So what are we to think? Which view will prevail? As far as 1 is concerned, I think we are at a stage when all the emphasis is on late elements of the Pentateuch, and some scholars write as though that is all there is. The arguments for lateness are of varying strength. For myself I am more convinced that the Decalogue is a late addition to the Sinai narrative in Exodus than that the idea of a covenant is a latecomer in Exodus, for example. But more important, I think we shall before long find more work being done again on what we may call for now the ‘pre-Deuteronomic Pentateuchal narratives and laws’—their contents, their theology, and their origins. Then the Deuteronomic or late J layer (which may turn out to be ‘thinner’ than currently thought!) will be seen as more clearly that, rather than seeming to comprise the whole of the non-P part of the Pentateuch. On 2 an interesting mediating position has been put forward by R. E. Friedman (1981). He thinks that at a first stage there were independent P versions of certain parts of the Pentateuch, such as the Flood story; but the major composition of P as a whole took place at a second stage in very much the way Cross proposed, i.e. by supplementation of the older narrative. Where P texts from the first stage had to be worked into the older narrative, they were sometimes interwoven with the older version, as in the case of the Flood story. Blum, working in detail on certain passages, ends up with a partly similar view to this. Maybe it will be necessary to hold some such view to accommodate all the evidence—the case for supplementation has been argued to be particularly strong in relation to the Table of Nations and the plague-story by Van Seters—or maybe it will be better, in view of the coherence of so much of the P material, to retain the idea of an original, once-separate source, and explain the most intractable counter-indications by a further, still later layer of redaction.


But there are problems within the literary-critical method itself, arising from the fact that we now feel compelled to treat each unit separately for analysis. While it is quite clear that the Pentateuch is not a literary unity and that analysis can separate out parallel strands at numerous points, it is not so obvious that a rigorous approach to the assembly of the ‘bits’ leads automatically to the division of the Pentateuch into four or five major sources, such as traditional source criticism proposes. In other words the model for synthesis (step c.3) need not be a wholly documentary one. About the coherence and original independence of the bulk at least of the P material, it seems to me, there is little doubt, and equally about the separate character and development of Deuteronomy. However it is more difficult to be sure how the residue of the books Genesis–Numbers is to be thought of and Rendtorff's thesis of shorter works may well have a part to play, and equally processes of redaction which did not extend the whole length of the Pentateuch, but concerned only a particular range of the narrative.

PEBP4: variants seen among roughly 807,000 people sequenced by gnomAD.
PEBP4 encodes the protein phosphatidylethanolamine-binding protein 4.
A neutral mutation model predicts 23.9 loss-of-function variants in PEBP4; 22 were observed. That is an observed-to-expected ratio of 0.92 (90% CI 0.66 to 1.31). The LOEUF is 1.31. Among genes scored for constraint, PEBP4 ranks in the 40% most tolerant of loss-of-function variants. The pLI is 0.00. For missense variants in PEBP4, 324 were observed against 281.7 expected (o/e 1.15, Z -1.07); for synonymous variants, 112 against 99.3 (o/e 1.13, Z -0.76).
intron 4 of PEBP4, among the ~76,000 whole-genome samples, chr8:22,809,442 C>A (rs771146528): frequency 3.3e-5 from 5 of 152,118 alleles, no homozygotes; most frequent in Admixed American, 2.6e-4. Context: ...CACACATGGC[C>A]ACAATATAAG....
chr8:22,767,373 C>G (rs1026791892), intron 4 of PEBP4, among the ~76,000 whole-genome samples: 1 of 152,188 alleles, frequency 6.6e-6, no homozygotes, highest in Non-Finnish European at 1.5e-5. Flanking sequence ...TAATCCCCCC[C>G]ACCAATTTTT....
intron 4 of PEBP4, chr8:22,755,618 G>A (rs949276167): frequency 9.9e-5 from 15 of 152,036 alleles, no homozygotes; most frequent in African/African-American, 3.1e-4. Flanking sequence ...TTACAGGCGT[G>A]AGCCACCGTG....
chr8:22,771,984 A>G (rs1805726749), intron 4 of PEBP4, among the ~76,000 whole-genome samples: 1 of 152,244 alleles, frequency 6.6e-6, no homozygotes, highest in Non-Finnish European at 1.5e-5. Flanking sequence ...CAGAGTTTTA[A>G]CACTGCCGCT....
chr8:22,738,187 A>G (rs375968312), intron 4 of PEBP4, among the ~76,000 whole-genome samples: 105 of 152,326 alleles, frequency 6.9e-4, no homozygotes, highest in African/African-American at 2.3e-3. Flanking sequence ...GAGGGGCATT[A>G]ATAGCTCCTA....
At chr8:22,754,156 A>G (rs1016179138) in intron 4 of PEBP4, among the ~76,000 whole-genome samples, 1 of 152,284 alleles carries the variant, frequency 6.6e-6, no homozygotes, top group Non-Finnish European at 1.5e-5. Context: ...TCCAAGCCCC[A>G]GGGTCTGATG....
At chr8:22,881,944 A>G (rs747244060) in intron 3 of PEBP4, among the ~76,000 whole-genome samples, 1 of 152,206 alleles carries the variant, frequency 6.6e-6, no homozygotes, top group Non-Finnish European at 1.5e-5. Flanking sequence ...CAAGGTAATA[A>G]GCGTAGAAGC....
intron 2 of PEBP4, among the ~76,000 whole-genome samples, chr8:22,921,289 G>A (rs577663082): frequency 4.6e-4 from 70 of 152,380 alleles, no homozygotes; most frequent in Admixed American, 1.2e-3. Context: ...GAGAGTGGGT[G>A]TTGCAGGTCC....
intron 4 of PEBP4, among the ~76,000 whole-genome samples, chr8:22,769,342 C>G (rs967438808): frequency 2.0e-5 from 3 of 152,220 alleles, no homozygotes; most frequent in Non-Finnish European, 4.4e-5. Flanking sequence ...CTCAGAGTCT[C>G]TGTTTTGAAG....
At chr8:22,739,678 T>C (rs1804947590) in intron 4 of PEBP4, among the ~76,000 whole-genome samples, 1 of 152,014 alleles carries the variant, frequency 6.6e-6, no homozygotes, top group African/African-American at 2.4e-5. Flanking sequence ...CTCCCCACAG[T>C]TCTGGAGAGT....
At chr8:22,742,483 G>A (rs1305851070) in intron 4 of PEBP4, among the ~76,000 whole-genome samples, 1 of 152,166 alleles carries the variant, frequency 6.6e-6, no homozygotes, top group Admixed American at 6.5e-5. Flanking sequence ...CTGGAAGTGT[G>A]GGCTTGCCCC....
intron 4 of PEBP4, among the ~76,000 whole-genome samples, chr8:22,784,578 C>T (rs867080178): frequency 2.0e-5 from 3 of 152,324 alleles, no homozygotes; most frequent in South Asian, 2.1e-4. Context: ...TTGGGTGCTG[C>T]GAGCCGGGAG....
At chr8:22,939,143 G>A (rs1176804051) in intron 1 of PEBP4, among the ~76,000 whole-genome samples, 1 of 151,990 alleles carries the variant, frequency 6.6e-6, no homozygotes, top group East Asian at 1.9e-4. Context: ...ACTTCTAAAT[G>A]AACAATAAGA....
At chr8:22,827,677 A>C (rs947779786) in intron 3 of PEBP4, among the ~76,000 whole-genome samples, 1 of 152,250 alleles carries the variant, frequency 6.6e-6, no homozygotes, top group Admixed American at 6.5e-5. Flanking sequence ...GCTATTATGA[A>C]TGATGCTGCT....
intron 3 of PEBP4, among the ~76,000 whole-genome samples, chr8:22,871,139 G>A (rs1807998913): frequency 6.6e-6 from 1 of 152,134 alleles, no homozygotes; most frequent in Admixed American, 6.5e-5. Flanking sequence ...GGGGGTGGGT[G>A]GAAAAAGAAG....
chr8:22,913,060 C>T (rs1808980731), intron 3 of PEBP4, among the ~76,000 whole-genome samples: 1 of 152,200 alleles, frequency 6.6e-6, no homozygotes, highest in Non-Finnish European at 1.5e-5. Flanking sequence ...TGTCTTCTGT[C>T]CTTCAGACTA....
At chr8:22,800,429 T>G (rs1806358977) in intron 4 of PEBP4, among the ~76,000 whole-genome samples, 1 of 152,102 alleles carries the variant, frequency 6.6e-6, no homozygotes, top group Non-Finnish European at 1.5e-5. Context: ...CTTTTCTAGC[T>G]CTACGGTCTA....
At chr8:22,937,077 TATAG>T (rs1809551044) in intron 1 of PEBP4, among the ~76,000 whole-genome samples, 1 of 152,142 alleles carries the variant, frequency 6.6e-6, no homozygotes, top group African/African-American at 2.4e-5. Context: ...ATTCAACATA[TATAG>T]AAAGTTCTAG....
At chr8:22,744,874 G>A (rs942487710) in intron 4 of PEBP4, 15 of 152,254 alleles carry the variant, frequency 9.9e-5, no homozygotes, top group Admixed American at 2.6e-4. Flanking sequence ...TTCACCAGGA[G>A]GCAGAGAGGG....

We may conclude by returning, very briefly, to the question with which we began, ‘What is the Pentateuch?’, in the light of the modern study of the text which we have just reviewed. Whichever of the approaches that have recently been advocated prevails, or even if things eventually stay very much as they were, we must build into our view of the Pentateuch the fact that it is the product of a long process of tradition. In other words we must recognize that its teaching, while organized into some sort of unity by the various redactors, derives from various periods in the history of Israel within which certain individuals or schools have contributed an especially creative shaping and rethinking of the traditions which they inherited. In varying degrees these individuals or schools deserve the name ‘theologians’. To some extent the difficulty of finding a fully satisfactory description for the Pentateuch as a whole is due to the differing emphases of these writers. In a real sense, then, the Pentateuch bears witness to the whole history and life of Israel, and not just to the period which it purports to describe. As a comprehensive description I would suggest the following, which I think can apply to all stages of the composition of the Pentateuch:

‘The charter of YHWH's people Israel, which lays down the founding principles of their life in creation, history and law, under the guidance of his word of promise and command.’